Wednesday, March 4, 2009

Networking still tops in job hunts

The more people you tell about your job search, the more likely you'll get a lead, experts say.

By Kathy Lynn Gray

Starting your job search

The spadework required to dig up a new job has changed significantly in the past two decades, but one old saw has remained the same: It's still who you know.

"Talk to your friends, your co-workers, salespeople, classmates, the people in the doctor's office," said Heather Allen, branch manager for Manpower in the Columbus market. "Everybody knows somebody."

The more people you tell, the more likely you'll turn up a job.

Or, in a weak economy, a job lead.

"People are hiring friends and family," Allen said.

The fancy term for spreading the word about your job search is networking, and the Internet has opened plenty of new ways to do it. Employment counselors put networking at the top of their lists of best ways to search for jobs.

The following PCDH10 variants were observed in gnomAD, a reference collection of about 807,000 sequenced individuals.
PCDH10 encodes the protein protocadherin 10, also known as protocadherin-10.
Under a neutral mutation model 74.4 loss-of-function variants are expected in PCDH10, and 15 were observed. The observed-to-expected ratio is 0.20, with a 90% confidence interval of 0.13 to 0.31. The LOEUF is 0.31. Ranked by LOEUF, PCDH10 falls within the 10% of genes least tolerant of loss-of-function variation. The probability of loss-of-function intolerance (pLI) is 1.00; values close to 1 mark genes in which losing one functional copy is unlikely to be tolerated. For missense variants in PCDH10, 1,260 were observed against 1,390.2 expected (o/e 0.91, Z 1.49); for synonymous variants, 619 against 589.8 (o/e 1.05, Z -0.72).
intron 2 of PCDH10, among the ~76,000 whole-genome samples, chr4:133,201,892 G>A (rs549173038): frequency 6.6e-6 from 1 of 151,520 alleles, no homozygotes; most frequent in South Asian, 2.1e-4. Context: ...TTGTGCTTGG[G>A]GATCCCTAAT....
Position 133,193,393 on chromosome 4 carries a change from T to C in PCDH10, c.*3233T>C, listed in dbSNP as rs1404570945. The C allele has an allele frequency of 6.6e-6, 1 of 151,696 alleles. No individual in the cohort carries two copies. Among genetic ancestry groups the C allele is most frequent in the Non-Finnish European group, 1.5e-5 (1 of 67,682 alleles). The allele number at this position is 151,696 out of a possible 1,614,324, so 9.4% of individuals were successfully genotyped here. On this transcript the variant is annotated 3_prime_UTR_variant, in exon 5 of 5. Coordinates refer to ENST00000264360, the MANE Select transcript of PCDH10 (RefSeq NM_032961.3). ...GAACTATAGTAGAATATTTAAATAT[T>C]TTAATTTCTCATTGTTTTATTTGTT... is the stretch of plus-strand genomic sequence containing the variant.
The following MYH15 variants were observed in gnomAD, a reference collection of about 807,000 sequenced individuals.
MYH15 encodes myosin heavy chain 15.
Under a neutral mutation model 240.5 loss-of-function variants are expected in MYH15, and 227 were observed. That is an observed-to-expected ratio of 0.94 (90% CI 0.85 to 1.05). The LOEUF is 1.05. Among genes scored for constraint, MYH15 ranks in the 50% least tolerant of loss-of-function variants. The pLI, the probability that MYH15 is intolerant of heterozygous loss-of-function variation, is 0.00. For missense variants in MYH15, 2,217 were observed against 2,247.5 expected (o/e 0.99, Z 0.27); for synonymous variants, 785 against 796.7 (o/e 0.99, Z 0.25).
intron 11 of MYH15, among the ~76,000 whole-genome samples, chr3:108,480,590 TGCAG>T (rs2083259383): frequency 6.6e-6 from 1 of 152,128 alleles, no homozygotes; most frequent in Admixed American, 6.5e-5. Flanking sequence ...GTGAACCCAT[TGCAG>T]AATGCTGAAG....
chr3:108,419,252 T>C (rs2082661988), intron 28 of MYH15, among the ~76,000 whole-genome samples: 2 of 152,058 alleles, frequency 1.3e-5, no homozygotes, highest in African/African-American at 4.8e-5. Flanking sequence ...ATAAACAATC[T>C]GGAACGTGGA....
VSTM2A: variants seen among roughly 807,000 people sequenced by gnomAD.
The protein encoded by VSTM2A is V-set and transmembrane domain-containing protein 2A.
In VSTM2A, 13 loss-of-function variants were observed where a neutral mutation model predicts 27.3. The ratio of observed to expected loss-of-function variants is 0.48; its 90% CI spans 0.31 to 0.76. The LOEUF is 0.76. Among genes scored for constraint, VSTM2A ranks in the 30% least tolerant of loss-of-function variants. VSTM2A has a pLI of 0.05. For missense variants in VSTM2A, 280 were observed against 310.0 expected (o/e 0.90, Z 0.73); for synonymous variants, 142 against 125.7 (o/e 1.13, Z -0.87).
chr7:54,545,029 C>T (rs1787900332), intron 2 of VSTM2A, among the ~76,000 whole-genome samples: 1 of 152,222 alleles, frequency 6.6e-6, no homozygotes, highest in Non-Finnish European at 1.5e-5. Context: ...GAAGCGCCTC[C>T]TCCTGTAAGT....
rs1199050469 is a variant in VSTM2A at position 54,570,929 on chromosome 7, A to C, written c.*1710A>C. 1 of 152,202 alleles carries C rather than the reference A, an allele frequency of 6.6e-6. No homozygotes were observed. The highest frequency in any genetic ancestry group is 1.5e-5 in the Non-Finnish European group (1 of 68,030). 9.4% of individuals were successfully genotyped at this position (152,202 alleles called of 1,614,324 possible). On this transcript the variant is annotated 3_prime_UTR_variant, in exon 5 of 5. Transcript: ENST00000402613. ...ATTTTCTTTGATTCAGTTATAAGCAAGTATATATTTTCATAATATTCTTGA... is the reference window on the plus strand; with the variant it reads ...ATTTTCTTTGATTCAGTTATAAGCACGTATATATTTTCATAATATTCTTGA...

"We've found the more networked a person is, the better the result they're going to have," said Susan Miller, Columbus branch manager for the employment agency Robert Half International.

That means joining online sites such as LinkedIn, a professional networking site, and Facebook and Twitter, two social-networking sites. You can post a profile about yourself on these sites, search for people you know and join groups. Each keystroke can link you to people you know and then, people they know.

Experts on the job-search process have favorite ideas:

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